Moderate to Severe Acute Pain Disturbs Motor Cortex Intracortical Inhibition and Facilitation in Orthopedic Trauma Patients: A TMS Study
PLoS ONE [Electronic Resource]. 15(3):e0226452, 2020.
Jodoin M; Rouleau DM; Bellemare A; Provost C; Larson-Dupuis C; Sandman E; Laflamme GY; Benoit B; Leduc S; Levesque M; Gosselin N; De Beaumont L.
Primary motor (M1) cortical excitability alterations are involved in the development and maintenance of chronic pain. Less is known about M1-cortical excitability implications in the acute phase of an orthopedic trauma. This study aims to assess acute M1-cortical excitability in patients with an isolated upper limb fracture (IULF) in relation to pain intensity.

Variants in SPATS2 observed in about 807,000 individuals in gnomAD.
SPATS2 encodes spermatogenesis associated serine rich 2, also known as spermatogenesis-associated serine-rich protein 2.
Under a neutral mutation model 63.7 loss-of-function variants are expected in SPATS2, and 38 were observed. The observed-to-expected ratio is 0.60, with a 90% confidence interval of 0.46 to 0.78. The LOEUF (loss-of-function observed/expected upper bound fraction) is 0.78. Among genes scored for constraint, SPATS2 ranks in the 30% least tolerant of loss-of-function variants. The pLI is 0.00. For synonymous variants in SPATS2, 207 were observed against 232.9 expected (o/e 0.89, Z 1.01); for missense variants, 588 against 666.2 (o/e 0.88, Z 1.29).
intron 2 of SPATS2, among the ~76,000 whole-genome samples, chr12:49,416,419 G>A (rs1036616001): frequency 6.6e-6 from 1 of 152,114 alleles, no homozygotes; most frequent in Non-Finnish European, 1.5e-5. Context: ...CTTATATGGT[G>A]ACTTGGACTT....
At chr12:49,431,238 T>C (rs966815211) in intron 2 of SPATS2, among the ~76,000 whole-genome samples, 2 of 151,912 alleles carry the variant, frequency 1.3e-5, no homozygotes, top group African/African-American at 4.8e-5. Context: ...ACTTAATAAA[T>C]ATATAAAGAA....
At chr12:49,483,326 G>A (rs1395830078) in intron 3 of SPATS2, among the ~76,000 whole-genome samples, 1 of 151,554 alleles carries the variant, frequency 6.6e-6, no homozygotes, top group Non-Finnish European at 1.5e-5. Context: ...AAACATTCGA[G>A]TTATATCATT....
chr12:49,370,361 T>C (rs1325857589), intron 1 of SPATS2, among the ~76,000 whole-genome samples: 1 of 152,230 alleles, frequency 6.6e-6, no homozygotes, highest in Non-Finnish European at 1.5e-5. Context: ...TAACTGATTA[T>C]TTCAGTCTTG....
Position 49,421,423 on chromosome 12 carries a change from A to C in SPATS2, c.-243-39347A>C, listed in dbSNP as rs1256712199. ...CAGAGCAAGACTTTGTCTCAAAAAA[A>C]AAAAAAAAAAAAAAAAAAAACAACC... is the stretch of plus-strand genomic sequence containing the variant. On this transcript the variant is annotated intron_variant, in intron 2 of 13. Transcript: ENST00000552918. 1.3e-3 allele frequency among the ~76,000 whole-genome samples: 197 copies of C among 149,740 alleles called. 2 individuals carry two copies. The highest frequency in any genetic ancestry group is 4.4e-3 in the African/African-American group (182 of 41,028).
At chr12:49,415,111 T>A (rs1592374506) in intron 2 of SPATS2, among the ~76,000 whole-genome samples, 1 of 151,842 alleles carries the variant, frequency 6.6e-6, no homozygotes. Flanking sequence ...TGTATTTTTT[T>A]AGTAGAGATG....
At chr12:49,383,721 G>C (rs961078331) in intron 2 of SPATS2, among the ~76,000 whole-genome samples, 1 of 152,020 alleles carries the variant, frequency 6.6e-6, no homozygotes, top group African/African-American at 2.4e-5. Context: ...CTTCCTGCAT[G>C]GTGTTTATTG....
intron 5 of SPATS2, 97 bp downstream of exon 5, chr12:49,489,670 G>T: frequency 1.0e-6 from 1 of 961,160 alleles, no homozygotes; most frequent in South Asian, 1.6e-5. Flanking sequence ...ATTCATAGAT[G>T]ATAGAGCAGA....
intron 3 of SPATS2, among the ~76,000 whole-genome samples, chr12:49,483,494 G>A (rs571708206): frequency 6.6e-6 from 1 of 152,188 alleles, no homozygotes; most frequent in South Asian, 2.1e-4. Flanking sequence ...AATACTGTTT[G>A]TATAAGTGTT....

Eighty-four (56 IULF patients <14 days post-trauma and 28 healthy controls). IULF patients were divided into two subgroups according to pain intensity (mild versus moderate to severe pain). A single transcranial magnetic stimulation (TMS) session was performed over M1 to compare groups on resting motor threshold (rMT), short-intracortical inhibition (SICI), intracortical facilitation (ICF), and long-interval cortical inhibition (LICI).
Reduced SICI and ICF were found in IULF patients with moderate to severe pain, whereas mild pain was not associated with M1 alterations. Age, sex, and time since the accident had no influence on TMS measures.
These findings show altered M1 in the context of acute moderate to severe pain, suggesting early signs of altered GABAergic inhibitory and glutamatergic facilitatory activities.